When feminist organisations adopt inclusive terms, their motives are different: they aren’t trying to make the problem of structural sexual inequality disappear. But the result is still a loss of analytic and political clarity. Planned Parenthood’s reference to ‘people being criminalised for their pregnancy outcomes’ is a case in point. Like feminist campaigns against male violence, feminist campaigns for reproductive rights are underpinned by a political analysis which sees the legal and religious policing of reproduction as a tool of patriarchal social control—and the point isn’t to control ‘pregnancy outcomes’, it’s to control the behaviour of women. Inclusive language obscures that: as Katha Pollitt has argued,

Once you start talking about “people,” not “women,” you lose what abortion means historically, symbolically and socially. It becomes hard to understand why it isn’t simply about the right to life of the “unborn.”

The proliferation of inclusive alternatives to ‘women’ has the cumulative effect of making it difficult to see the wood for the trees. If I can’t get an abortion I’m being oppressed as a ‘pregnant person’; if I don’t get a job because the employer knows I have young children I’m being discriminated against as a ‘parent’; if I’m paying tax on tampons the state is profiting from my status as a ‘menstruator’. Maybe we’ll soon be urged to refer to women who earn less than men with the same qualifications as ‘underpaid people’. Lots of people are underpaid, after all: why would we only care about some of them? Let’s not be so vulgar, so unreconstructedly essentialist, as to point out that certain forms of unjust treatment don’t randomly happen to ‘people’, and they certainly don’t happen to men: they happen to women, because they are women.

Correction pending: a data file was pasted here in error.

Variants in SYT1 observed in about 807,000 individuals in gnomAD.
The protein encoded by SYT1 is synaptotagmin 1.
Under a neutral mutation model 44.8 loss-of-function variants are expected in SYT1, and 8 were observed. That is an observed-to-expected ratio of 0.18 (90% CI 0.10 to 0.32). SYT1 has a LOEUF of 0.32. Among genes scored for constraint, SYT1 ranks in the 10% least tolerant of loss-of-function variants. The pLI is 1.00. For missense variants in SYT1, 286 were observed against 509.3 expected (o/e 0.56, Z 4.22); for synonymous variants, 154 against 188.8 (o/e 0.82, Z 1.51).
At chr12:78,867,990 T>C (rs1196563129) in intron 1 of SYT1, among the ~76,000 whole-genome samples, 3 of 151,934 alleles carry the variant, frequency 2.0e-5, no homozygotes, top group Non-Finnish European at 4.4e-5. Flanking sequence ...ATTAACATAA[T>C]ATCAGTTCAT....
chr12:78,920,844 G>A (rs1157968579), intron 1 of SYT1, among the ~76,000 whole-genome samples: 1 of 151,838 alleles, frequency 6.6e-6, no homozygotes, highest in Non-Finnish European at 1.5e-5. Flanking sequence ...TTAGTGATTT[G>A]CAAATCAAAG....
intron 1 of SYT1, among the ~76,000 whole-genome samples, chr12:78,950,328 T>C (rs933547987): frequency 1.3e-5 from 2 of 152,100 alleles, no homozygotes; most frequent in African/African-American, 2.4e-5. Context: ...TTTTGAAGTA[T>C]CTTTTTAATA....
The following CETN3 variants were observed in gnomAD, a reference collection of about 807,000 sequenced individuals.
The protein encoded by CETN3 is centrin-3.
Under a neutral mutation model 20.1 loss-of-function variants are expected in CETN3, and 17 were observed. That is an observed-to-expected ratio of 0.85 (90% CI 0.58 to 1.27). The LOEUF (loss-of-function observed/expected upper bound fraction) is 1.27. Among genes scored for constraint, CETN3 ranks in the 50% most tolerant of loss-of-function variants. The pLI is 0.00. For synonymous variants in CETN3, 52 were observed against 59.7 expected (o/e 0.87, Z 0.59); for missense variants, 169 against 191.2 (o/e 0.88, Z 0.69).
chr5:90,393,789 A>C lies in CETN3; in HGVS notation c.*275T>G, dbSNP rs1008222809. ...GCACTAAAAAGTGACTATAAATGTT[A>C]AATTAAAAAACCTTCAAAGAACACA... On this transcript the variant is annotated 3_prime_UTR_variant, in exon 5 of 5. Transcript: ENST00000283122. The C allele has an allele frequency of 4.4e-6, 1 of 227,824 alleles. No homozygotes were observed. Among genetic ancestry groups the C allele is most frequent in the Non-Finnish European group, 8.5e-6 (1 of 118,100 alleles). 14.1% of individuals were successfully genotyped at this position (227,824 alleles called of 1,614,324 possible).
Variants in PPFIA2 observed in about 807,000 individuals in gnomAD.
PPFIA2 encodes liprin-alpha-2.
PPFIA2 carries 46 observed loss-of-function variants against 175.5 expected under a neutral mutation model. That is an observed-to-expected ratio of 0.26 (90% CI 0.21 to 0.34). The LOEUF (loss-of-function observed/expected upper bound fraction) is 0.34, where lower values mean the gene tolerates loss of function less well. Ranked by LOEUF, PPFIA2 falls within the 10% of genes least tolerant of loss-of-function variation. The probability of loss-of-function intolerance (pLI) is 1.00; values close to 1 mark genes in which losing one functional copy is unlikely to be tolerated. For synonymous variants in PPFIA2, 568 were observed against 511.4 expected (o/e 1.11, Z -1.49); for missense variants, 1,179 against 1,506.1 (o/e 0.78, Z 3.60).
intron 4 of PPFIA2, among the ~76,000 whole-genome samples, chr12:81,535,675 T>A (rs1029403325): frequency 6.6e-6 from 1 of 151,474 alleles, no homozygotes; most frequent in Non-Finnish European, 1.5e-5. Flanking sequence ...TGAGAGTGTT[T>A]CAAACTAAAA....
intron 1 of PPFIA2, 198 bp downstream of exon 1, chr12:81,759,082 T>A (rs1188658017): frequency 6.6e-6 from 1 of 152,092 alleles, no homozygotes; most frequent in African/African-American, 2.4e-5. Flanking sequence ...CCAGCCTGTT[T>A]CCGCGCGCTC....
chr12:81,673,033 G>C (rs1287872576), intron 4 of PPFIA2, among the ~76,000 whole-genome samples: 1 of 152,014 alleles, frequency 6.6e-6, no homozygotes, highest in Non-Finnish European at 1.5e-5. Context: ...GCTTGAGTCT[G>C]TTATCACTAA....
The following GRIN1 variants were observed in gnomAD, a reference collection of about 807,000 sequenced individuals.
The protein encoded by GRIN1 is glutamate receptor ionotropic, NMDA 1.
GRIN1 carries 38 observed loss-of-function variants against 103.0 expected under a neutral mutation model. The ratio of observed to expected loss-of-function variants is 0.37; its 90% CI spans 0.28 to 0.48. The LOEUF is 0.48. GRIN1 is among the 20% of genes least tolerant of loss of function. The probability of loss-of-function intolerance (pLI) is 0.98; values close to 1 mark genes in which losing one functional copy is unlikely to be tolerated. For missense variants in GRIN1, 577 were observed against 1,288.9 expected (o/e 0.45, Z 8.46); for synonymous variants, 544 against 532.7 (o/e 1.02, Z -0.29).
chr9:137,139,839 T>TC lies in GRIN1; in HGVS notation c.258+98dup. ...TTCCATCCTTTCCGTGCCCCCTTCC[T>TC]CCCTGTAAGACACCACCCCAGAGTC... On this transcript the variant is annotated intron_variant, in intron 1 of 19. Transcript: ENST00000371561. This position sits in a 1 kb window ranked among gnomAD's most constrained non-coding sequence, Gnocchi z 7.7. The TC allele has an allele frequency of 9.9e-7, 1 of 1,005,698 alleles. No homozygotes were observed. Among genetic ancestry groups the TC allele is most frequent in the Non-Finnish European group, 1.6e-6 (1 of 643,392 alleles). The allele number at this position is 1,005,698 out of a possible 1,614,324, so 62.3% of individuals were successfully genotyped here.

Why is it so difficult to say ‘women’? The objections I’ve focused on so far are political ones, to do with the exclusionary and essentialising nature of ‘women’ as a category label. But I can’t help wondering if those objections are the whole story, or if the avoidance of ‘women’ might also be connected to something much older, and less ‘politically correct’.

The first post I ever published on this blog was about the difference between ‘woman’ and ‘lady’. I recalled learning as a child that ‘lady’ was the ‘polite’ word, whereas ‘woman’ was disrespectful: it implied low social status, a lack of respectability and a failure to display proper femininity. Analysis of the contexts in which ‘lady’ and ‘women’ are most likely to appear reveals another reason for the impoliteness of ‘woman’: its association with the gross and unmentionable functions of the female body.